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Opinion, commentary, and analysis on everything that makes the U.S. housing economy tick -- not to mention the ghosts in the machine, too. Written by HW's team of editors and reporters each business day.
Lending

4 misconceptions buyers have about down payments

Do you need 20% down?

August 7, 2015

When consumers begin to consider homeownership, they often get stuck at the down payment. However, many buyers, especially first-timers, subscribe to some untruths about down payments and it may be keeping them on the sidelines for much longer than needed.

1. You need 20% down.

It could take an average of 12.5 years to save up a 20% down payment for a median priced home. While 20% down was a standard for conventional loans, today’s buyers have many other options. And that’s good news. When otherwise qualified buyers think they need 20% down, they may stop their home search and remain on the sidelines longer than necessary. 

The Consumer Protection Financial Bureau found that nearly half of homebuyers don’t shop around for their home loan. Buyers should investigate conventional loans with a lower down payment, FHA, VA, USDA and the Fannie Mae and Freddie Mac 3% down products. Each type of loan has different requirements to qualify, but they may help buyers get a home loan with down payments ranging from 0% to 3.5%. Down payment programs can also help you meet part or all of your down-payment requirement.

2. It’s always better to put down a big down payment.

Many lenders recommend putting down 20% if possible. However, that may not be the best fit, even if you have those funds available. Buying a home doesn’t just involve the cost of the home loan and down payment. Buyers need to consider moving expenses, home repair, warranties, appliance purchase and more. If 20% down makes you “house poor,” you may not want to deplete your savings account to meet that threshold. In fact, homeownership counseling can help buyers evaluate their complete financial picture so they can make the best decision for their personal situation.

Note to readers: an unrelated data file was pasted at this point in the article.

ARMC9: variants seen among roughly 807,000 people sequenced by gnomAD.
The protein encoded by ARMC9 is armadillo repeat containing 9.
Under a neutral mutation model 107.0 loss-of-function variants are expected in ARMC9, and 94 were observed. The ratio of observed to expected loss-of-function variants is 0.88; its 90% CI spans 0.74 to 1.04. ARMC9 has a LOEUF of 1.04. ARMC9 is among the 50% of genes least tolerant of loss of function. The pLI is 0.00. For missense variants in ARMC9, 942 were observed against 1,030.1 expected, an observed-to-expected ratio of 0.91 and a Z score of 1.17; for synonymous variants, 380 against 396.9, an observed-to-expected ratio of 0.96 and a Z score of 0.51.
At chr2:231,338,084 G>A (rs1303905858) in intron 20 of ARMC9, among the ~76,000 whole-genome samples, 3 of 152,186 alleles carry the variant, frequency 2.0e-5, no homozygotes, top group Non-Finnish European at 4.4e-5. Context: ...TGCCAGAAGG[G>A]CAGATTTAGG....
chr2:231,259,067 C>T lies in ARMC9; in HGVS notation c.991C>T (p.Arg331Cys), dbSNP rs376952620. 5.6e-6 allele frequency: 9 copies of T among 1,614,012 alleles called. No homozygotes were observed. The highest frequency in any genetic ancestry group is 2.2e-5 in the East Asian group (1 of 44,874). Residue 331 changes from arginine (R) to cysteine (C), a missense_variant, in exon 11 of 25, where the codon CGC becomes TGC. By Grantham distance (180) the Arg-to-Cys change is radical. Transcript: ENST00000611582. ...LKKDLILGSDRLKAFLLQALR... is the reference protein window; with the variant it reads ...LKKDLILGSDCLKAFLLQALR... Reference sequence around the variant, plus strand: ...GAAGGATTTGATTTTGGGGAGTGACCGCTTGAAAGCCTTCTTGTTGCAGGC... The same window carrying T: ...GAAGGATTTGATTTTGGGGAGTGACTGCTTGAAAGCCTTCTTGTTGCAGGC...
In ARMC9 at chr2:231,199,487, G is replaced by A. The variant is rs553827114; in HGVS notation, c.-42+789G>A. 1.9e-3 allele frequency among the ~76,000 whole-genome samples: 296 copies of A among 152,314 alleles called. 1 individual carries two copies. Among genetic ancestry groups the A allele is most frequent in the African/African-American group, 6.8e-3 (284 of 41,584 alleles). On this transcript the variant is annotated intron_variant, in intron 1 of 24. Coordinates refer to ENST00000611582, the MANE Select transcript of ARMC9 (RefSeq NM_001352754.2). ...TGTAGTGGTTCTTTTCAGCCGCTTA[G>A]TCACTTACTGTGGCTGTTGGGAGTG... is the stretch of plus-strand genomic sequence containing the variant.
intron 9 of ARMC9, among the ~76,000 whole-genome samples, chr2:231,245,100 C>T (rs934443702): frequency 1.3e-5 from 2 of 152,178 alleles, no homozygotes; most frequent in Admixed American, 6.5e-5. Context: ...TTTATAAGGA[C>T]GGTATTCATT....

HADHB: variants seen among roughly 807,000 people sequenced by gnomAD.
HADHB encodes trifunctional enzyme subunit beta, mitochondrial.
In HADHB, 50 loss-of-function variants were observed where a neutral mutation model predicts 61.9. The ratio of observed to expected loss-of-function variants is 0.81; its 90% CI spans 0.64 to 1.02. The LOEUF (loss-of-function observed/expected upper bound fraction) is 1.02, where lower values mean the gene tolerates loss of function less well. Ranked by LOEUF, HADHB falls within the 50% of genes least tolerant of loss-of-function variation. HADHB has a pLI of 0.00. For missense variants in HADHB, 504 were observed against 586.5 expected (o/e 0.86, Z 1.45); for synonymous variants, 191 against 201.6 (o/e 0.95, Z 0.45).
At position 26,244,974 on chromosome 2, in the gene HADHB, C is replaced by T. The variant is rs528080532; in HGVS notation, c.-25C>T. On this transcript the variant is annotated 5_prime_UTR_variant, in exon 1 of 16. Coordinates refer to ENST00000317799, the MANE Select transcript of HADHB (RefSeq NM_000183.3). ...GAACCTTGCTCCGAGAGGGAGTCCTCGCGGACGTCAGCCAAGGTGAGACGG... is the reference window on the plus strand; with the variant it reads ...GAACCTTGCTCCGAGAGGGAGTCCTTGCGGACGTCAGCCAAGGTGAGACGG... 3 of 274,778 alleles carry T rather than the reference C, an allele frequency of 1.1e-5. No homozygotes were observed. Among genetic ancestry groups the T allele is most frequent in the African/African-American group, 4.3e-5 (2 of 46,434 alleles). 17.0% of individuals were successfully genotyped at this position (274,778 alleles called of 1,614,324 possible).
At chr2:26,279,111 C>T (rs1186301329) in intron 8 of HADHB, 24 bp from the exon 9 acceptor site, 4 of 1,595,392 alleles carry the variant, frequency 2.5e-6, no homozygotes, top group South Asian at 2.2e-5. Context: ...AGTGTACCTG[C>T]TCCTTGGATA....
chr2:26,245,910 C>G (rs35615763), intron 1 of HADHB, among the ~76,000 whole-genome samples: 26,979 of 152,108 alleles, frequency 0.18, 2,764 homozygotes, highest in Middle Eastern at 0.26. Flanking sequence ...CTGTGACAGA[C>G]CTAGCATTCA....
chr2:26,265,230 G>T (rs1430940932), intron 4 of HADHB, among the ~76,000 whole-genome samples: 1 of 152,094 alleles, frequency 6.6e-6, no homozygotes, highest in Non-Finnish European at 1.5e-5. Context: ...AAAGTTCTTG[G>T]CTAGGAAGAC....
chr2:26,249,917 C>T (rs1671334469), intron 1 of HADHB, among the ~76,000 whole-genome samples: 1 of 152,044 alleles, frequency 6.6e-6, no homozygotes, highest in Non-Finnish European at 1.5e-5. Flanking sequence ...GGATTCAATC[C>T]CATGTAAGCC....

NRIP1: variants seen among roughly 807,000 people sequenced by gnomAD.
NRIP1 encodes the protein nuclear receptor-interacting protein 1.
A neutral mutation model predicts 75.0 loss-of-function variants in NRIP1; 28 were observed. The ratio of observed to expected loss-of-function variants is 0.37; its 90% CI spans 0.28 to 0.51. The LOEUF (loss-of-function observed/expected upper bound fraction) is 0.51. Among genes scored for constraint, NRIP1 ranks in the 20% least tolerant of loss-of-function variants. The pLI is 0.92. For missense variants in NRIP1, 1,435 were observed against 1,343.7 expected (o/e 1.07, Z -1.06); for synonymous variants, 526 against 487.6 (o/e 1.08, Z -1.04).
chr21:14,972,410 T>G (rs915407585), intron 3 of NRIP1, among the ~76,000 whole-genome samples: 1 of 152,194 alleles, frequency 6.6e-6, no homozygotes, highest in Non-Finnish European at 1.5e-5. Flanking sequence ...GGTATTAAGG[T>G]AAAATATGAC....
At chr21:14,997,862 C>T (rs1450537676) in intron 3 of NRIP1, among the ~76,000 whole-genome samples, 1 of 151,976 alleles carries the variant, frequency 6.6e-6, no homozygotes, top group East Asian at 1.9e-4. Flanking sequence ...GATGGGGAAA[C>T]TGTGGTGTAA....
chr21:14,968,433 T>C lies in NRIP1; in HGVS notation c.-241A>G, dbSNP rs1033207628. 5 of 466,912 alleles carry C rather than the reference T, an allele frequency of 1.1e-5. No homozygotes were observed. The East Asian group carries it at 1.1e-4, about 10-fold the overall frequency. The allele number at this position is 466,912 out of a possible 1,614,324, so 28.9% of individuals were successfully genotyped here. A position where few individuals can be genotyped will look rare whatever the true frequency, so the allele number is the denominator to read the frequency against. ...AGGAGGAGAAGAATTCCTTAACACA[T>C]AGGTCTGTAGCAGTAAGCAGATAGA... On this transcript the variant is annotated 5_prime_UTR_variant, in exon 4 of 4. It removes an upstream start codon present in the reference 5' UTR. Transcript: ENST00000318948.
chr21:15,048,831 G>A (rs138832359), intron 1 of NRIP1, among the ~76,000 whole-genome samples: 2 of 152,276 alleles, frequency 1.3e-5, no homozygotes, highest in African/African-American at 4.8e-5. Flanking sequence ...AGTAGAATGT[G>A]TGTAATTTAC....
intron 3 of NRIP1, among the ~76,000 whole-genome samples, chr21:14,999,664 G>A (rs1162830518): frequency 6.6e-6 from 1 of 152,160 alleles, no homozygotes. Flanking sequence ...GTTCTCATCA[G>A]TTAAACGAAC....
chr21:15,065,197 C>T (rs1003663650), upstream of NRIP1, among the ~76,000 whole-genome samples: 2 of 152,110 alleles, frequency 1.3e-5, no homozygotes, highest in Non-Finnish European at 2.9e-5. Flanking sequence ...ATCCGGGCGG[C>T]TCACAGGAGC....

3. Sellers won’t accept offers with a gift or homeownership program for the down payment.

Sellers have often heard that cash offers are better because they’re quick and will cost them less. However, consider that buyers with a gift, grant, or some type of homeownership program, have an extra cushion to bargain with, allowing them to compete with other buyers on price and seller-paid costs. They key is for the buyer to have everything ready and documented, providing the seller with peace of mind. In fact, some programs cover items like closing costs and other seller-paid costs, allowing the seller to gain even more in the sale.

4. Down payment programs make home financing more difficult.

Homebuyers typically want the fastest and easiest way to get them to their goal. However, the process of getting qualified for and using a homebuyer program is very similar to that of securing a first mortgage. There will be paperwork and effort, but much of the same information is collected. The key is to begin the process early, not after you’ve found your dream home. Buyers should know that down payment programs are offered by different program administrators, often state and local housing finance agencies. They approve participating lenders who are qualified to write the loan associated with the program and understand how to incorporate this special financing into the home loan without complicating or prolonging the real estate transaction.

Like everything in real estate, down payments aren’t one-size-fits-all. Buyers should investigate all their options so they can get the right home financing option for their situation.

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